Summary: Kumamoto University researchers reveal people with MCI have a harder time memorizing human faces that their aging peers without the disorder. Additionally, researchers note, those with mild cognitive impairment express different gaze behavior while trying to memorize a face.
Source: Kumamoto University.
A Japanese research group has revealed that elderly people with mild cognitive impairment (MCI) have a particularly weakened ability to memorize human faces in the short term when compared to healthy elderly people. MCI patients also had a different gaze behavior when trying to memorize a face. This research may lead to the early detection of dementia.
Alzheimer’s disease is considered to be the most common type of dementia, and early detection of preliminary stages is important to halt its progression into a more serious form of the disease. MCI, which is thought to be a preliminary stage of Alzheimer’s, is a state in which cognitive functions, such as memory or thinking ability, decrease at a level that do not affect daily life.
Brain imaging studies show that areas of the brain for memory and visually processing human faces in people with MCI are structurally and functionally transformed. To investigate these specific and yet unstudied areas, a research group from Kumamoto University in Japan conducted comparative experiments with normal elderly subjects and MCI patients (18 each) using a delayed-matching task with face and house stimuli in independent blocks. In each block, they asked subjects to remember a single image and then, after a short delay, select a memorized image from a set new of images. The researchers also recorded subject gaze trends during the image memorization process.
Their experiments revealed that the memorization performance of MCI patients was lower for facial images than for house images, but found no performance difference in normal subjects. The research also showed that, during the memorization process, MCI patient gaze concentration on the eyes of an image decreased but the time spent looking at the mouth increased in comparison to normal subjects. In essence, MCI patients had reduced short-term memorization ability and a different gaze pattern for faces when compared to normal people.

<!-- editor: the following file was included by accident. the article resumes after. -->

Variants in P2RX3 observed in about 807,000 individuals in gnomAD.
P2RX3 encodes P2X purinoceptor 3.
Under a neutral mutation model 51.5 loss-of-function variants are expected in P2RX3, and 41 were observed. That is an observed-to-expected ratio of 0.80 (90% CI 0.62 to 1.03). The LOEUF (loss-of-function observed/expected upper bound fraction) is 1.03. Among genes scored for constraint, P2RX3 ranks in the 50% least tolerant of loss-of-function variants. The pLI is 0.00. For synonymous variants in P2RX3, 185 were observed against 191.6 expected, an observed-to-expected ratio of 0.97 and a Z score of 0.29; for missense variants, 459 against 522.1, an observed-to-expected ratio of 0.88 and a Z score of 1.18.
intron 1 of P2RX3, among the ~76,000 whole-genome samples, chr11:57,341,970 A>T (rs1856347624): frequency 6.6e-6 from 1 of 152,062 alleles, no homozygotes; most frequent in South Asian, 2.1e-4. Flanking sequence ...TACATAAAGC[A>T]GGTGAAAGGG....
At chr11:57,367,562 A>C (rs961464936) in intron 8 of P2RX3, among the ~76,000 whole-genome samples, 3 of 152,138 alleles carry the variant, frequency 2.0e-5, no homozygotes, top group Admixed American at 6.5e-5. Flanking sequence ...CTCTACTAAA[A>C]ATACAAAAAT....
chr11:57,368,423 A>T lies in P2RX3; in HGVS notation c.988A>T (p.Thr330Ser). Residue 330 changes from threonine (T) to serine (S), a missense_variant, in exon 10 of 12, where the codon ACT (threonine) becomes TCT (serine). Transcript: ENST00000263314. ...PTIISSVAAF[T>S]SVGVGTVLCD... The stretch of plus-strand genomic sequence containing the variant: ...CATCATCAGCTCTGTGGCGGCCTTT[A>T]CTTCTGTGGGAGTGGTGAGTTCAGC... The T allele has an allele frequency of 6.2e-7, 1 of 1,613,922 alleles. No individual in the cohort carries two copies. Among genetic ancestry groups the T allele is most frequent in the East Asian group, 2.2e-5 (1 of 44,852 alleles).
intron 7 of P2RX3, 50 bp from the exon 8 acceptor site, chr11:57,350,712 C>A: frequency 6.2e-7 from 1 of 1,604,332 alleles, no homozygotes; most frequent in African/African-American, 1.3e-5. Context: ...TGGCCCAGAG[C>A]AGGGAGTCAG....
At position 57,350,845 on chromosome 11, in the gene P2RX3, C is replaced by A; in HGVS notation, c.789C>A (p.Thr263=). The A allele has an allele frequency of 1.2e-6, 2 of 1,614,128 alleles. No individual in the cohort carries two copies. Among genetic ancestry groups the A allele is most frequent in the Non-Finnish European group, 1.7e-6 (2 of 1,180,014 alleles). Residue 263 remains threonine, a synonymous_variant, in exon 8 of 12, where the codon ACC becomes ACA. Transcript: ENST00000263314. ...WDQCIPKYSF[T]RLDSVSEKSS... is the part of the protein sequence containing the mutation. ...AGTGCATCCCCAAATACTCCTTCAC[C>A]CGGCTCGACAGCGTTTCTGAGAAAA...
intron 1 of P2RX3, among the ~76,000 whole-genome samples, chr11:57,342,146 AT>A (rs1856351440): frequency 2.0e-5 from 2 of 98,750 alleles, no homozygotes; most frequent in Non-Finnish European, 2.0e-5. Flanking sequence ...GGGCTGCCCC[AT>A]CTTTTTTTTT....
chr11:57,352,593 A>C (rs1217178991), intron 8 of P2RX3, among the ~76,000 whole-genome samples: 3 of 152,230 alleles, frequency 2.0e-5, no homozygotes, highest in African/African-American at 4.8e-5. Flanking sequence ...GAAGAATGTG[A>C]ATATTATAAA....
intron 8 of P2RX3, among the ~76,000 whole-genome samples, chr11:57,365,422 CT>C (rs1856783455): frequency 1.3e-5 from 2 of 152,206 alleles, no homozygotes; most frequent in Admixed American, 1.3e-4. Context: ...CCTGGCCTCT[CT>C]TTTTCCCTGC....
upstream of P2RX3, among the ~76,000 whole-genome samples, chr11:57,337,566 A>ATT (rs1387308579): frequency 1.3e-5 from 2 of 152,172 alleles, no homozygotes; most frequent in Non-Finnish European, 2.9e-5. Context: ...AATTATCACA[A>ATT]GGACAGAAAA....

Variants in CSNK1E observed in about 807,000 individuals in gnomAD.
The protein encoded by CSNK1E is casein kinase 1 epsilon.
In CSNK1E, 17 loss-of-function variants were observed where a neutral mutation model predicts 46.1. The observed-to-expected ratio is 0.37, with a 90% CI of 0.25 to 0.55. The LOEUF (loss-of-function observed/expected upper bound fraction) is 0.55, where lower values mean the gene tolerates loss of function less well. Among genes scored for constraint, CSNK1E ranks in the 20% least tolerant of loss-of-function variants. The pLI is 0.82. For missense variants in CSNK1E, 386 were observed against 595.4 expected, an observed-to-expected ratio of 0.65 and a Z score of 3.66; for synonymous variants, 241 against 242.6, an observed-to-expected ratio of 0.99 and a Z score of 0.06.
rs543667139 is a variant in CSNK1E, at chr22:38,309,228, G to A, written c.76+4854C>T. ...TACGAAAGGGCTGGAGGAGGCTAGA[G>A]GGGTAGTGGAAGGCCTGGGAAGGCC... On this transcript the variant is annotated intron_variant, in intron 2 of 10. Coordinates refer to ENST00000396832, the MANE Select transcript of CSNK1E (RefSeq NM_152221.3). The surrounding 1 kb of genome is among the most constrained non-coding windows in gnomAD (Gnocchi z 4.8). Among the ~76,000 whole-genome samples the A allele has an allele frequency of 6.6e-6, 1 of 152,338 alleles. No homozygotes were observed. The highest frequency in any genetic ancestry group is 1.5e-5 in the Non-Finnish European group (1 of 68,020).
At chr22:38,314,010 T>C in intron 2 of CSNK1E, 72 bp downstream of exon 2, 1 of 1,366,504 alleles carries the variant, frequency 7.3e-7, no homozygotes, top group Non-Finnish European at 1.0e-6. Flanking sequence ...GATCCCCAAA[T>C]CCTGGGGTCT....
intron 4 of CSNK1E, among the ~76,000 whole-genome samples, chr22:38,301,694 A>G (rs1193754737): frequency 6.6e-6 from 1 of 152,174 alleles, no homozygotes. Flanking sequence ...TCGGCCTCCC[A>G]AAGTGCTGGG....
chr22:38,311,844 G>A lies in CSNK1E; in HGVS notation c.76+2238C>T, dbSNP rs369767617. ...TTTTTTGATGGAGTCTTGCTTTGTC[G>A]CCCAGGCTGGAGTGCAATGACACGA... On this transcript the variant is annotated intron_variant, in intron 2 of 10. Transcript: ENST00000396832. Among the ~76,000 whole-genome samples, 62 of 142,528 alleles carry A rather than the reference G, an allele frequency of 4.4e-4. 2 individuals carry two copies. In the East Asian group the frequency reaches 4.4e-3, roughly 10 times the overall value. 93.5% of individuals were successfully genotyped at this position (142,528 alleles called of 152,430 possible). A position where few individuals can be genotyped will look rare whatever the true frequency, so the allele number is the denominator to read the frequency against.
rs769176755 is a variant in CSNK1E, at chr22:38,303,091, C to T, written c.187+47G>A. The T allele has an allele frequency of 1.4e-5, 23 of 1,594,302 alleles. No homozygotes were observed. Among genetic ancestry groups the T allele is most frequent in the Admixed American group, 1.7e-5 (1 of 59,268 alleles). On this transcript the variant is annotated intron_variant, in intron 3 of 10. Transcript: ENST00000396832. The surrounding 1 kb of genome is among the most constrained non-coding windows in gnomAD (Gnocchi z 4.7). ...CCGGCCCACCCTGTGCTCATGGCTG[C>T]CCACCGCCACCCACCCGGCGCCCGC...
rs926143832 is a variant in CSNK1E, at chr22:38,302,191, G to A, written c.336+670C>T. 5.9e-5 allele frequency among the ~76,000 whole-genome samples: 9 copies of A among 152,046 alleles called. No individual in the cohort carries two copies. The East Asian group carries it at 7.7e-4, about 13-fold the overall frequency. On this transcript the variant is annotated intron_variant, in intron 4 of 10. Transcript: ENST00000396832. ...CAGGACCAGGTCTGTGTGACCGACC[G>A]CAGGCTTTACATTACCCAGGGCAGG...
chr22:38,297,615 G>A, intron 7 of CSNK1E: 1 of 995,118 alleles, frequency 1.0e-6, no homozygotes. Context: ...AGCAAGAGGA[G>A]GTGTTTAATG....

“Looking at the eyes is important for remembering the entirety of the face,” said Emeritus Professor Kaoru Sekiyama. “MCI patients probably have an abnormality in the cognitive processing of faces due to the deterioration of brain function. It is possible that the distributed gaze pattern is compensation for this decreased function. We hope to shed some light on this possibility in future work.”
Funding: Funding provided by Japan Society for the Promotion of Science.
Source: J. Sanderson, N. Fukuda – Kumamoto University
Publisher: Organized by NeuroscienceNews.com.
Image Source: NeuroscienceNews.com image is credited to Toshikazu Kawagoe.
Original Research: Full open access research for “Face-specific memory deficits and changes in eye scanning patterns among patients with amnestic mild cognitive impairment” by Toshikazu Kawagoe, Masateru Matsushita, Mamoru Hashimoto, Manabu Ikeda & Kaoru Sekiyama in Scientific Reports. Published online OCtober 31 2017 doi:10.1038/s41598-017-14585-5
Face-specific memory deficits and changes in eye scanning patterns among patients with amnestic mild cognitive impairment
Amnestic mild cognitive impairment (aMCI) is a prodromal stage of Alzheimer’s disease (AD). Previous studies have shown functional and structural degradation of the fusiform face area, which is a core region for face processing, in addition to medial temporal lobe degradation. We predicted that patients with aMCI exhibit a loss of face processing and/or face memory, accompanied by abnormal eye scanning patterns, since patients who have deficits in face perception (i.e. prosopagnosia) exhibit such tendencies. Eighteen patients with aMCI and age-matched healthy controls were tested for perception and short-term memory of visually presented faces and houses while their gaze was recorded. Patients with aMCI showed a decline in memory, compared with control observers, for faces, but not for houses. Patients looked more at the mouth of faces, compared with control observers. We demonstrate here the loss of short-term face memory in aMCI with abnormal scanning patterns that might reflect the cerebral abnormality found in patients with aMCI.
“Face-specific memory deficits and changes in eye scanning patterns among patients with amnestic mild cognitive impairment” by Toshikazu Kawagoe, Masateru Matsushita, Mamoru Hashimoto, Manabu Ikeda & Kaoru Sekiyama in Scientific Reports. Published online OCtober 31 2017 doi:10.1038/s41598-017-14585-5